Dunbar Collegiate Church

Dunbar Parish Church - The successor to Dunbar Collegiate Church

Dunbar Collegiate Church is renowned as having been the first collegiate church, in 1342, to have been established in the Lothians.[1] The church was situated on the same site as the present-day parish church, on Queen's Road just south of Dunbar town centre.


The first mention of a church at Dunbar came in 1176 in the Taxatio of Lothian when the church was described as Eclessia de Dunbar. This church, dedicated to St. Bega, served the parish as a whole until 1342 and its foundation as a collegiate church.[2] On 21 April 1342, Patrick, 9th Earl of Dunbar was granted by charter, his right to the proprietorship of the church.[3] The church would have a dean, archdean and eight prebendaries with responsibility to Dunbar, these being Spott, Belton, Pinkerton, Linton, Chirnside, Dunse, Stenton and Pitcox.[4] The Dunbars were no strangers to the patronage of religious establishments, with the foundation of a house of Trinity friars in 1218, and then a monastery of Carmelite monks in 1263, by the 6th and 7th earls respectively. Dunbar Collegiate continued as decreed until it became forfeit to the crown in 1435. For a while the church was 'enjoyed' by the Duke of Albany during the reign of King James III of Scotland, before returning to the Dunbars. In 1483, it, once again, reverted to the crown and stayed that way until the Protestant Reformation in 1560.[5]

Post ReformationEdit

Another view of Dunbar Kirk

Dunbar Collegiate Church, unlike many other chapels, churches and monasteries in the area, was spared from the over-zealous exploits of the people as they rejoiced in the popular fury, laying waste and burning anything associated with old faith. The old church became, once again, the parish church, this time of the reformed faith. Much repair and renewal work had been carried out over the years, the building looked like a hybrid of Saxon, Gothic and Norman architecture. In 1779 the church was almost totally rebuilt. Then in 1819–1821 a new church was built, and opened on 20 April 1821 with the Reverend John Jaffray the first minister at the new building. There is a magnificent monument in the church to a tireless servant of James VI and I, George Hume, 1st Earl of Dunbar (1556-1611), High Treasurer of Scotland and Chancellor of the Exchequer of England.[5]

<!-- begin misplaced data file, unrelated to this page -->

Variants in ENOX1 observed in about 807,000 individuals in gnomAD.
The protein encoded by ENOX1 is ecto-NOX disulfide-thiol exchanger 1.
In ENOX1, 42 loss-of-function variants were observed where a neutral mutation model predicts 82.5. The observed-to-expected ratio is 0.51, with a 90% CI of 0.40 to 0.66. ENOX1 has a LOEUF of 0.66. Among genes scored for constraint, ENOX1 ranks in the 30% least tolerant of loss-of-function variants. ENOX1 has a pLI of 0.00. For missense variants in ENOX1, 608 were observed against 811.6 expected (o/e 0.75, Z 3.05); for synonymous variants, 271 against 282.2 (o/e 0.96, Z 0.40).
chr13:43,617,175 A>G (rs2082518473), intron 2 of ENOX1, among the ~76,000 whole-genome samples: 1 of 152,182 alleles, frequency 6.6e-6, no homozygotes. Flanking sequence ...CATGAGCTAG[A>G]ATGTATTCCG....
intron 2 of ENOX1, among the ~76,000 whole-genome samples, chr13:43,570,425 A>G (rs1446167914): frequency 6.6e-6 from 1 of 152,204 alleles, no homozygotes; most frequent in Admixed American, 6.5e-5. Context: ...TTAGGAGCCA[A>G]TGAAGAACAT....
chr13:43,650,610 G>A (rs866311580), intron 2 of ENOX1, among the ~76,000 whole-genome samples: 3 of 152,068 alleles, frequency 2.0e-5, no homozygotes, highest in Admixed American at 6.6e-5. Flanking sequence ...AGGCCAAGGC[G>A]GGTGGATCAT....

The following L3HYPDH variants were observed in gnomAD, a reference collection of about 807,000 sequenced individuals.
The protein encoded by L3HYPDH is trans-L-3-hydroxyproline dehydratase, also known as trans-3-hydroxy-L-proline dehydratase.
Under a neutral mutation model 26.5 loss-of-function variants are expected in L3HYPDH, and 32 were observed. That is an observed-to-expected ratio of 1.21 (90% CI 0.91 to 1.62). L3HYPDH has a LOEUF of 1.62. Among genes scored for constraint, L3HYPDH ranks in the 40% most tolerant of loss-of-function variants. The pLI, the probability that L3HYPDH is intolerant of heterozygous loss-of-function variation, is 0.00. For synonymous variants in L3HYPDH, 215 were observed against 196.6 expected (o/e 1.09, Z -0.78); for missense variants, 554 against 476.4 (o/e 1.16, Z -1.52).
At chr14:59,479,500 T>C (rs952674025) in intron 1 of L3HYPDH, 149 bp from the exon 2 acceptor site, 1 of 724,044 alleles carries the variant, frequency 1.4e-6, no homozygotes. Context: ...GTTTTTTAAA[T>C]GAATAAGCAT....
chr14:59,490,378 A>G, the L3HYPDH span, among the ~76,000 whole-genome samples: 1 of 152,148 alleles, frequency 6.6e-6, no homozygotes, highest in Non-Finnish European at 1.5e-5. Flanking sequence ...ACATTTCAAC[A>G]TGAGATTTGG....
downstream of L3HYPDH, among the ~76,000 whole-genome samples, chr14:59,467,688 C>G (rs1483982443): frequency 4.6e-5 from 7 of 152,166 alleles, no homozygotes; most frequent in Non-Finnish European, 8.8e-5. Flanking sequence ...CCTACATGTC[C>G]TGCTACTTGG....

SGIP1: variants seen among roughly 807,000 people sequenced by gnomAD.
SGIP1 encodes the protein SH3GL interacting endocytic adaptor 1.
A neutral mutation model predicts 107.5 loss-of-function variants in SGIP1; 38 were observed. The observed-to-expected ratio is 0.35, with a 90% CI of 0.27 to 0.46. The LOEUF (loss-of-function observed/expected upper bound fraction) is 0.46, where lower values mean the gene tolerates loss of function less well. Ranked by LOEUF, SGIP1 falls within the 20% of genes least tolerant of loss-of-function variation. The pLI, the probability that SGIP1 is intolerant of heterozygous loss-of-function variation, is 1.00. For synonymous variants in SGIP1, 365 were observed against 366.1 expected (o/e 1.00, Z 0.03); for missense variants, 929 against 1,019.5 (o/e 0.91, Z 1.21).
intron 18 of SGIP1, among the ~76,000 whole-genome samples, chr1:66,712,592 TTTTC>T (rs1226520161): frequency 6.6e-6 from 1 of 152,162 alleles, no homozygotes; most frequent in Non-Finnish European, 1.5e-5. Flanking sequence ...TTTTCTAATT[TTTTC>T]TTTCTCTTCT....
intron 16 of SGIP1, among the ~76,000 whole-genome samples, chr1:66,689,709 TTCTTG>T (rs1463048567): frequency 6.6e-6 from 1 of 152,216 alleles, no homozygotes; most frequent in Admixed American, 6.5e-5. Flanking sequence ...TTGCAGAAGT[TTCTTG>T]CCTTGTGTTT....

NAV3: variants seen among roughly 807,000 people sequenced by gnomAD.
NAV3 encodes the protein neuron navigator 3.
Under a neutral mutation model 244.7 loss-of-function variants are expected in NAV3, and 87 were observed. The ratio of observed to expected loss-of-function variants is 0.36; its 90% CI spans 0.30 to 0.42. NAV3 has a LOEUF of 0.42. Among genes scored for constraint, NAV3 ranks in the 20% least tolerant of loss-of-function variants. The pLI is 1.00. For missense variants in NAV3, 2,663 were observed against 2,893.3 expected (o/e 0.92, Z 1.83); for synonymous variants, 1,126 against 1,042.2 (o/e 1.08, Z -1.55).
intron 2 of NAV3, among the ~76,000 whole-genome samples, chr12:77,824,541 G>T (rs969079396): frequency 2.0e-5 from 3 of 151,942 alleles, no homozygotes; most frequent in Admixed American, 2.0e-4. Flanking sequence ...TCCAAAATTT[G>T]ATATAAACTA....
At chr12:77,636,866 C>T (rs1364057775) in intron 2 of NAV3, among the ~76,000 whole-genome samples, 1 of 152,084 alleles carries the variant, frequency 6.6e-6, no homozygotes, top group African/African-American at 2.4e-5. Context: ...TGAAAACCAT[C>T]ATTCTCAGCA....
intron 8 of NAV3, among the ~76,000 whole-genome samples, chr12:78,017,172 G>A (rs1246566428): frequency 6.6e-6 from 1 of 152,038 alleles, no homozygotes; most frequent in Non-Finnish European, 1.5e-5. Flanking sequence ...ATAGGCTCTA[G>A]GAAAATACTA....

Noted ClericEdit

Columba de Dunbar became dean of the Collegiate Church in 1412 before taking up at the post of Bishop of Moray at Elgin Cathedral where he died in 1435. He is buried in the Dunbar Aisle at the great cathedral.[6]

See alsoEdit


  1. ^ http://www.rosslyntemplars.org.uk/index.php/scottish-collegiate-churches/dunbar Rosslyn Templars - Dunbar Collegiate Church
  2. ^ Statistical Accounts of Scotland 1835
  3. ^ http://www.rosslyntemplars.org.uk/index.php/scottish-collegiate-churches/dunbar Rosslyn Templars - Dunbar Collegiate Church/Full text of Foundation Charter
  4. ^ https://archive.org/stream/churchofscotland02stor/churchofscotland02stor_djvu.txt History of Church of Scotland, Past and Present by Rev. Egbert Herbert D.D. (Edin.) ESA.
  5. ^ a b The History of Dunbar by James Miller (Dunbar)
  6. ^ "Archived copy". Archived from the original on 7 September 2009. Retrieved 2009-10-23.CS1 maint: archived copy as title (link) Hooper family site

External linksEdit

Coordinates: 55°59′57″N 2°30′42″W / 55.99911°N 2.51179°W / 55.99911; -2.51179